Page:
The muscular dystrophies (MD) are a
group of genetic diseases
characterized by progressive
weakness and degeneration of the
skeletal muscles that control
movement. There are many forms of
muscular dystrophy, some noticeable
at birth (congenital muscular
dystrophy), others in adolescence
(Becker MD), but the 3 most common
types are Duchenne,
facioscapulohumeral, and myotonic.
These three types differ in terms of
pattern of inheritance, age of
onset, rate of progression, and
distribution of weakness.
Duchenne MD primarily affects
boys and is the result of mutations
in the gene that regulates
dystrophin - a protein involved in
maintaining the integrity of muscle
fiber. Onset is between 3-5 years
and progresses rapidly. Most boys
become unable to walk at 12, and by
20 have to use a respirator to
Facioscapulohumeral MD appears
in adolescence and causes
progressive weakness in facial
muscles and certain muscles in the
arms and legs. It progresses slowly
and can vary in symptoms from mild
Myotonic MD varies in the age of
onset and is characterized by
myotonia (prolonged muscle spasm) in
the fingers and facial muscles; a
floppy-footed, high-stepping gait;
cataracts; cardiac abnormalities;
and endocrine disturbances.
Individuals with myotonic MD have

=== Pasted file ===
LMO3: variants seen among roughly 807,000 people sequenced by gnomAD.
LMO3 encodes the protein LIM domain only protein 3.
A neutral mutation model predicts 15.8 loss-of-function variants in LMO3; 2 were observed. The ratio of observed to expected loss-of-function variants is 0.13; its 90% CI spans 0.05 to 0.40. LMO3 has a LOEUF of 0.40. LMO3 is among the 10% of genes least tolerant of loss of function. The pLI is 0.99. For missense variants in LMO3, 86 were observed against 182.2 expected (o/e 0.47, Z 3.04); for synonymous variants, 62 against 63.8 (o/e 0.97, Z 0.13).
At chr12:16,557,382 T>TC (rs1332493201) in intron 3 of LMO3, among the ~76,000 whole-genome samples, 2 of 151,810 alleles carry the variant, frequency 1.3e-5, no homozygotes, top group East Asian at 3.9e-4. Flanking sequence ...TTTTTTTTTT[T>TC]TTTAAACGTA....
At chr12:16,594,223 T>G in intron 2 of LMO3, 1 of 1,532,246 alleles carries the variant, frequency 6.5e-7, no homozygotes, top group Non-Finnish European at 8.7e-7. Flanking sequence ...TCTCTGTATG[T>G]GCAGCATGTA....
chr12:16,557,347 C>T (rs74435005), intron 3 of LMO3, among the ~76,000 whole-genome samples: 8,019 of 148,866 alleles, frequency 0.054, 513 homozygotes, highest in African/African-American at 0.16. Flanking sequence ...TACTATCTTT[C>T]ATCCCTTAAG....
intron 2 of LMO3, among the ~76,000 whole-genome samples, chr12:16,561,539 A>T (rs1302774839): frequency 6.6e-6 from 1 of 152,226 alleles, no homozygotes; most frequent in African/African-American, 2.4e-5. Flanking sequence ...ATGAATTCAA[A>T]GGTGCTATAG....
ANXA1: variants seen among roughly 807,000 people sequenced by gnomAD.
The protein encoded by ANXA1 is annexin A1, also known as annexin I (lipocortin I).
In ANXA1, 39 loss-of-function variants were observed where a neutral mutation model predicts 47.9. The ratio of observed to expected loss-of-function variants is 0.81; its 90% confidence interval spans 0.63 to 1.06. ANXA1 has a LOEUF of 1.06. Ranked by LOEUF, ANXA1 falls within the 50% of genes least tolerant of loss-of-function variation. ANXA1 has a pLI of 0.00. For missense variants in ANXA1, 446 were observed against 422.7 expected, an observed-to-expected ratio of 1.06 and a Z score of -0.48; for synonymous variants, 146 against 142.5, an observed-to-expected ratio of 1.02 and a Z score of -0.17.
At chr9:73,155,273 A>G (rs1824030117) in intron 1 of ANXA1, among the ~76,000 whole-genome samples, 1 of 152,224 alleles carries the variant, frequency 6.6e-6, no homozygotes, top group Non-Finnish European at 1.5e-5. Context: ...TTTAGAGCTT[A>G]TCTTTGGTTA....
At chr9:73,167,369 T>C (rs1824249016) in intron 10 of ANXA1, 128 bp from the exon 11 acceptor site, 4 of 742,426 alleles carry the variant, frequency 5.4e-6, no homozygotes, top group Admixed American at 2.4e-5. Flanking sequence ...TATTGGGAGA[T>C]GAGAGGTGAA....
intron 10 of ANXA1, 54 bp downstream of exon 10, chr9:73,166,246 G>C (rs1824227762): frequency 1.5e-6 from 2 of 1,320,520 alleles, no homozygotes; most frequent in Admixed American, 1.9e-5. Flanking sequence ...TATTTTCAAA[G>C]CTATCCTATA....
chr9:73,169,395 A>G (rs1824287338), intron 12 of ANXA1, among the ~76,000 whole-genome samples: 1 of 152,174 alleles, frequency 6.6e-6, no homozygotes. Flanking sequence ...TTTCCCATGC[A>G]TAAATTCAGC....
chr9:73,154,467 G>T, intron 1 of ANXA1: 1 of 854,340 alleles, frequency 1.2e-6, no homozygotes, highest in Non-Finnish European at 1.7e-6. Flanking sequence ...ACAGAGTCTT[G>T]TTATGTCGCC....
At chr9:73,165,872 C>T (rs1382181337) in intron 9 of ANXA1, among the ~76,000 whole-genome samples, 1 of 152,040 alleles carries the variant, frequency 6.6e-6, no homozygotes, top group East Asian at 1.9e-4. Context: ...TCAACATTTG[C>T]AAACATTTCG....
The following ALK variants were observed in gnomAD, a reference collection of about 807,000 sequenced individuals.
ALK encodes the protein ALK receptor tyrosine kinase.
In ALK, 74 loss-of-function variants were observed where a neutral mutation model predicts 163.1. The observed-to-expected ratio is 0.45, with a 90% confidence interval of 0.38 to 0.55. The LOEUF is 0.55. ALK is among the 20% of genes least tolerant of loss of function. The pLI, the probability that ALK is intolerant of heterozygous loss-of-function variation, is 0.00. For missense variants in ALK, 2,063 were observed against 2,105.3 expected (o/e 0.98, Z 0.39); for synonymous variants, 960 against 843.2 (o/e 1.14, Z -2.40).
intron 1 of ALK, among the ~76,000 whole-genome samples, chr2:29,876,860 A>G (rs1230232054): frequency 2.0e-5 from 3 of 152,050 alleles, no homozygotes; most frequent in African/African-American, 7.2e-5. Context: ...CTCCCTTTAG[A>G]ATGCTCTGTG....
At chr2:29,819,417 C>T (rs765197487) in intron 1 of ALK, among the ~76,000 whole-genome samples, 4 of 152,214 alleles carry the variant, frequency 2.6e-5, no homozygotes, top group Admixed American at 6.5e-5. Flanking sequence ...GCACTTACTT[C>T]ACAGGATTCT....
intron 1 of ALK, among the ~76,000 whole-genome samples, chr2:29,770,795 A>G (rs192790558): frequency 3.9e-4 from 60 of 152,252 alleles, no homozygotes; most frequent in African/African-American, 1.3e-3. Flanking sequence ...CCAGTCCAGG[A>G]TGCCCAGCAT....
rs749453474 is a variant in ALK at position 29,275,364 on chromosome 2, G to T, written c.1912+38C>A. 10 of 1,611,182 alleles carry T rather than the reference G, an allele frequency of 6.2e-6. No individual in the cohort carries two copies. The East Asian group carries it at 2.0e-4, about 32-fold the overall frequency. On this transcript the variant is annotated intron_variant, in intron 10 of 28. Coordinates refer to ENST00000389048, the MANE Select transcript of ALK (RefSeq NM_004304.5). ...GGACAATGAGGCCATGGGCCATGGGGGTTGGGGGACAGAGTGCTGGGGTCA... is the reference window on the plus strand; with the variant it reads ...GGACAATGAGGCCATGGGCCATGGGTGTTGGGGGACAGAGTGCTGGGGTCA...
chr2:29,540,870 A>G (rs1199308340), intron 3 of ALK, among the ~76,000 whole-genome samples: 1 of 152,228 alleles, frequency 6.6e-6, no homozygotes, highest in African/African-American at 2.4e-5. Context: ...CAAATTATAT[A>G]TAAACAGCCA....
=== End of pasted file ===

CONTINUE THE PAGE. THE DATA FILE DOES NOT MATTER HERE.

long faces and drooping eyelids; men
have frontal baldness.
Is there any treatment?
There is no
specific treatment for any of
the forms of MD. Respiratory
therapy, physical therapy to
prevent painful muscle
appliances used for support, and
corrective orthopedic surgery
may be needed to improve the
quality of life in some cases.
Cardiac abnormalities may
require a pacemaker.
Corticosteroids such as
prednisone can slow the rate of
muscle deterioration in patients
with Duchenne MD but causes side
effects. Myotonia is usually
treated with medications such as
mexiletine, phenytoin, or
What is the prognosis?
of MD varies according to the
type of MD and the progression
of the disorder. Some cases may
be mild and progress very slowly
over a normal lifespan, while
other cases may have more marked
progression of muscle weakness,
functional disability, and loss
of the ability to walk. In
Duchenne MD, death usually
occurs in the early 20s.
What research is being done?
supports a broad program of
research on MD. The goals of
these studies are to understand
MD and to develop techniques to
diagnose, treat, prevent, and
ultimately cure muscular